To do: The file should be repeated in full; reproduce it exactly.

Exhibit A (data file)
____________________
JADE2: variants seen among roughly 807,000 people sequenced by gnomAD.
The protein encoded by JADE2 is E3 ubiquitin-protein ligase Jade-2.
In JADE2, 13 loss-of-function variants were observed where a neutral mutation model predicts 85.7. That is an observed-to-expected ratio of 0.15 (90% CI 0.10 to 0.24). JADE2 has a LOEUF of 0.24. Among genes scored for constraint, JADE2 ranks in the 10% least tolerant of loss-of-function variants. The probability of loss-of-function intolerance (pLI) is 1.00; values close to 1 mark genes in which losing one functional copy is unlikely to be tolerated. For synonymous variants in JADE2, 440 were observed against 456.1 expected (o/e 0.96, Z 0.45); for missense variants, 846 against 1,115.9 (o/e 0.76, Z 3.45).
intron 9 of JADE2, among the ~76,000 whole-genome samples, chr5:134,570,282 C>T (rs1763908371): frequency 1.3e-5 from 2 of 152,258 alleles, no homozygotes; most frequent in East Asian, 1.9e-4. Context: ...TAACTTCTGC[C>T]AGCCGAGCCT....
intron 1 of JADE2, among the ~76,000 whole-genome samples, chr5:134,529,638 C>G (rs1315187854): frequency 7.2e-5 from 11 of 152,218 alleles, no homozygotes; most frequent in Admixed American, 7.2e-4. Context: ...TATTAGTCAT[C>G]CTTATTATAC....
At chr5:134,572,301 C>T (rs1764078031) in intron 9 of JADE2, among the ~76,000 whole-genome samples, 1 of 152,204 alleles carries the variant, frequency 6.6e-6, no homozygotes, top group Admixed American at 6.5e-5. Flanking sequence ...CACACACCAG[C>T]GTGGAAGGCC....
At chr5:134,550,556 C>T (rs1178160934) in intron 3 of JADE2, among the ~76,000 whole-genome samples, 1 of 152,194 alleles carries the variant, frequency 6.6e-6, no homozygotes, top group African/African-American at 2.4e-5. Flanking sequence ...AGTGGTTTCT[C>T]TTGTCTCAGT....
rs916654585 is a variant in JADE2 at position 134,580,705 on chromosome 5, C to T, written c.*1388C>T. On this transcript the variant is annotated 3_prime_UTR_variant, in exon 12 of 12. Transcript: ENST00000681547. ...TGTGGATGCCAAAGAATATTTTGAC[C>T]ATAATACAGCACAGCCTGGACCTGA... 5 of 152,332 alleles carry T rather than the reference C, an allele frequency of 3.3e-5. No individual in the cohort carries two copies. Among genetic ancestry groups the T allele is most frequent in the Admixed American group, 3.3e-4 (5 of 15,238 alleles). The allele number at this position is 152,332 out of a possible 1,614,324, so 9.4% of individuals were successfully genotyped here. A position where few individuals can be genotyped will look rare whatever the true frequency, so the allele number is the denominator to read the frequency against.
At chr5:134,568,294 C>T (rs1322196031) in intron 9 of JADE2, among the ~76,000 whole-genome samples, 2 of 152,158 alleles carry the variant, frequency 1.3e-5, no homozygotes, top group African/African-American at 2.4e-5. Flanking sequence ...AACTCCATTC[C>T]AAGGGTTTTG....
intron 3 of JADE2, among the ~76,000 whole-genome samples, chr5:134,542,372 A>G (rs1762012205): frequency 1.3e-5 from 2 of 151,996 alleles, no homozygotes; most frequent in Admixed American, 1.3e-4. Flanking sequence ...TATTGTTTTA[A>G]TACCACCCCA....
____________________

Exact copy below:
JADE2: variants seen among roughly 807,000 people sequenced by gnomAD.
The protein encoded by JADE2 is E3 ubiquitin-protein ligase Jade-2.
In JADE2, 13 loss-of-function variants were observed where a neutral mutation model predicts 85.7. That is an observed-to-expected ratio of 0.15 (90% CI 0.10 to 0.24). JADE2 has a LOEUF of 0.24. Among genes scored for constraint, JADE2 ranks in the 10% least tolerant of loss-of-function variants. The probability of loss-of-function intolerance (pLI) is 1.00; values close to 1 mark genes in which losing one functional copy is unlikely to be tolerated. For synonymous variants in JADE2, 440 were observed against 456.1 expected (o/e 0.96, Z 0.45); for missense variants, 846 against 1,115.9 (o/e 0.76, Z 3.45).
intron 9 of JADE2, among the ~76,000 whole-genome samples, chr5:134,570,282 C>T (rs1763908371): frequency 1.3e-5 from 2 of 152,258 alleles, no homozygotes; most frequent in East Asian, 1.9e-4. Context: ...TAACTTCTGC[C>T]AGCCGAGCCT....
intron 1 of JADE2, among the ~76,000 whole-genome samples, chr5:134,529,638 C>G (rs1315187854): frequency 7.2e-5 from 11 of 152,218 alleles, no homozygotes; most frequent in Admixed American, 7.2e-4. Context: ...TATTAGTCAT[C>G]CTTATTATAC....
At chr5:134,572,301 C>T (rs1764078031) in intron 9 of JADE2, among the ~76,000 whole-genome samples, 1 of 152,204 alleles carries the variant, frequency 6.6e-6, no homozygotes, top group Admixed American at 6.5e-5. Flanking sequence ...CACACACCAG[C>T]GTGGAAGGCC....
At chr5:134,550,556 C>T (rs1178160934) in intron 3 of JADE2, among the ~76,000 whole-genome samples, 1 of 152,194 alleles carries the variant, frequency 6.6e-6, no homozygotes, top group African/African-American at 2.4e-5. Flanking sequence ...AGTGGTTTCT[C>T]TTGTCTCAGT....
rs916654585 is a variant in JADE2 at position 134,580,705 on chromosome 5, C to T, written c.*1388C>T. On this transcript the variant is annotated 3_prime_UTR_variant, in exon 12 of 12. Transcript: ENST00000681547. ...TGTGGATGCCAAAGAATATTTTGAC[C>T]ATAATACAGCACAGCCTGGACCTGA... 5 of 152,332 alleles carry T rather than the reference C, an allele frequency of 3.3e-5. No individual in the cohort carries two copies. Among genetic ancestry groups the T allele is most frequent in the Admixed American group, 3.3e-4 (5 of 15,238 alleles). The allele number at this position is 152,332 out of a possible 1,614,324, so 9.4% of individuals were successfully genotyped here. A position where few individuals can be genotyped will look rare whatever the true frequency, so the allele number is the denominator to read the frequency against.
At chr5:134,568,294 C>T (rs1322196031) in intron 9 of JADE2, among the ~76,000 whole-genome samples, 2 of 152,158 alleles carry the variant, frequency 1.3e-5, no homozygotes, top group African/African-American at 2.4e-5. Flanking sequence ...AACTCCATTC[C>T]AAGGGTTTTG....
intron 3 of JADE2, among the ~76,000 whole-genome samples, chr5:134,542,372 A>G (rs1762012205): frequency 1.3e-5 from 2 of 151,996 alleles, no homozygotes; most frequent in Admixed American, 1.3e-4. Flanking sequence ...TATTGTTTTA[A>G]TACCACCCCA....